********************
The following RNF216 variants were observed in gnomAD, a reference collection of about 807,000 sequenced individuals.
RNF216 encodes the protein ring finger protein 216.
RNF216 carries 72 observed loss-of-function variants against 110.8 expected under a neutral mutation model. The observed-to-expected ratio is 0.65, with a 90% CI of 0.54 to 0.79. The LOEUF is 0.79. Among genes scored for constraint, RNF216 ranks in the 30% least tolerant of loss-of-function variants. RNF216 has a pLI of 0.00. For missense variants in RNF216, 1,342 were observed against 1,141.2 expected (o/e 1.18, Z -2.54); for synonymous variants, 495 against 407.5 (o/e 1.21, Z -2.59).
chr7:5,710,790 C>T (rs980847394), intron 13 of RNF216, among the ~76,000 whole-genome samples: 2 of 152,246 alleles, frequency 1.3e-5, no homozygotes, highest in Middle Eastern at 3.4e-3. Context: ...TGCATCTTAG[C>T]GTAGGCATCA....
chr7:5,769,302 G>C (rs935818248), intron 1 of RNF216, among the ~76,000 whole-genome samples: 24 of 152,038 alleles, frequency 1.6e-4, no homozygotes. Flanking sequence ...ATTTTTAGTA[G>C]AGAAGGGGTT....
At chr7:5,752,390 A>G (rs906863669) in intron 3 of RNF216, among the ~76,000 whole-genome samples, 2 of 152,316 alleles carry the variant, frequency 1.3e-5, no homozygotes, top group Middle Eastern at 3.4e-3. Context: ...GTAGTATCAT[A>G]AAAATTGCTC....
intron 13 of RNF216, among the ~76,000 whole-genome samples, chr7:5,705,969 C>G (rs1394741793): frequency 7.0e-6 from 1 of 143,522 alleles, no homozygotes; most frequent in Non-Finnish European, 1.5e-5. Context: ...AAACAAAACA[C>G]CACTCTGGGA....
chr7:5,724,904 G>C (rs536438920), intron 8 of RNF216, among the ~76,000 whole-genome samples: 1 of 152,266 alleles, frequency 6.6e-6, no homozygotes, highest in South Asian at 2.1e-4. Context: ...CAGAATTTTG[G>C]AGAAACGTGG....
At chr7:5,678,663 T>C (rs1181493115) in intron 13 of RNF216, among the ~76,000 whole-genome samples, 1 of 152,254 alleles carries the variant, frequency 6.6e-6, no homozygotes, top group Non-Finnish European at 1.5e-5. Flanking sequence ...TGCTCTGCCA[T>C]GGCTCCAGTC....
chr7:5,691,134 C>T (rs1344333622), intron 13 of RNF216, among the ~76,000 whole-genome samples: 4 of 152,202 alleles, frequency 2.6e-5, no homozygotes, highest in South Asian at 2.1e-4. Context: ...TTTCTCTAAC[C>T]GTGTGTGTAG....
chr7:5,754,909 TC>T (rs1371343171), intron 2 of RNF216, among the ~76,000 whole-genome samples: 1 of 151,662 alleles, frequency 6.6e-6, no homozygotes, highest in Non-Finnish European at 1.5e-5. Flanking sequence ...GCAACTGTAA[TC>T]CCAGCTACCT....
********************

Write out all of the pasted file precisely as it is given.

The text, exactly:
The following RNF216 variants were observed in gnomAD, a reference collection of about 807,000 sequenced individuals.
RNF216 encodes the protein ring finger protein 216.
RNF216 carries 72 observed loss-of-function variants against 110.8 expected under a neutral mutation model. The observed-to-expected ratio is 0.65, with a 90% CI of 0.54 to 0.79. The LOEUF is 0.79. Among genes scored for constraint, RNF216 ranks in the 30% least tolerant of loss-of-function variants. RNF216 has a pLI of 0.00. For missense variants in RNF216, 1,342 were observed against 1,141.2 expected (o/e 1.18, Z -2.54); for synonymous variants, 495 against 407.5 (o/e 1.21, Z -2.59).
chr7:5,710,790 C>T (rs980847394), intron 13 of RNF216, among the ~76,000 whole-genome samples: 2 of 152,246 alleles, frequency 1.3e-5, no homozygotes, highest in Middle Eastern at 3.4e-3. Context: ...TGCATCTTAG[C>T]GTAGGCATCA....
chr7:5,769,302 G>C (rs935818248), intron 1 of RNF216, among the ~76,000 whole-genome samples: 24 of 152,038 alleles, frequency 1.6e-4, no homozygotes. Flanking sequence ...ATTTTTAGTA[G>C]AGAAGGGGTT....
At chr7:5,752,390 A>G (rs906863669) in intron 3 of RNF216, among the ~76,000 whole-genome samples, 2 of 152,316 alleles carry the variant, frequency 1.3e-5, no homozygotes, top group Middle Eastern at 3.4e-3. Context: ...GTAGTATCAT[A>G]AAAATTGCTC....
intron 13 of RNF216, among the ~76,000 whole-genome samples, chr7:5,705,969 C>G (rs1394741793): frequency 7.0e-6 from 1 of 143,522 alleles, no homozygotes; most frequent in Non-Finnish European, 1.5e-5. Context: ...AAACAAAACA[C>G]CACTCTGGGA....
chr7:5,724,904 G>C (rs536438920), intron 8 of RNF216, among the ~76,000 whole-genome samples: 1 of 152,266 alleles, frequency 6.6e-6, no homozygotes, highest in South Asian at 2.1e-4. Context: ...CAGAATTTTG[G>C]AGAAACGTGG....
At chr7:5,678,663 T>C (rs1181493115) in intron 13 of RNF216, among the ~76,000 whole-genome samples, 1 of 152,254 alleles carries the variant, frequency 6.6e-6, no homozygotes, top group Non-Finnish European at 1.5e-5. Flanking sequence ...TGCTCTGCCA[T>C]GGCTCCAGTC....
chr7:5,691,134 C>T (rs1344333622), intron 13 of RNF216, among the ~76,000 whole-genome samples: 4 of 152,202 alleles, frequency 2.6e-5, no homozygotes, highest in South Asian at 2.1e-4. Context: ...TTTCTCTAAC[C>T]GTGTGTGTAG....
chr7:5,754,909 TC>T (rs1371343171), intron 2 of RNF216, among the ~76,000 whole-genome samples: 1 of 151,662 alleles, frequency 6.6e-6, no homozygotes, highest in Non-Finnish European at 1.5e-5. Flanking sequence ...GCAACTGTAA[TC>T]CCAGCTACCT....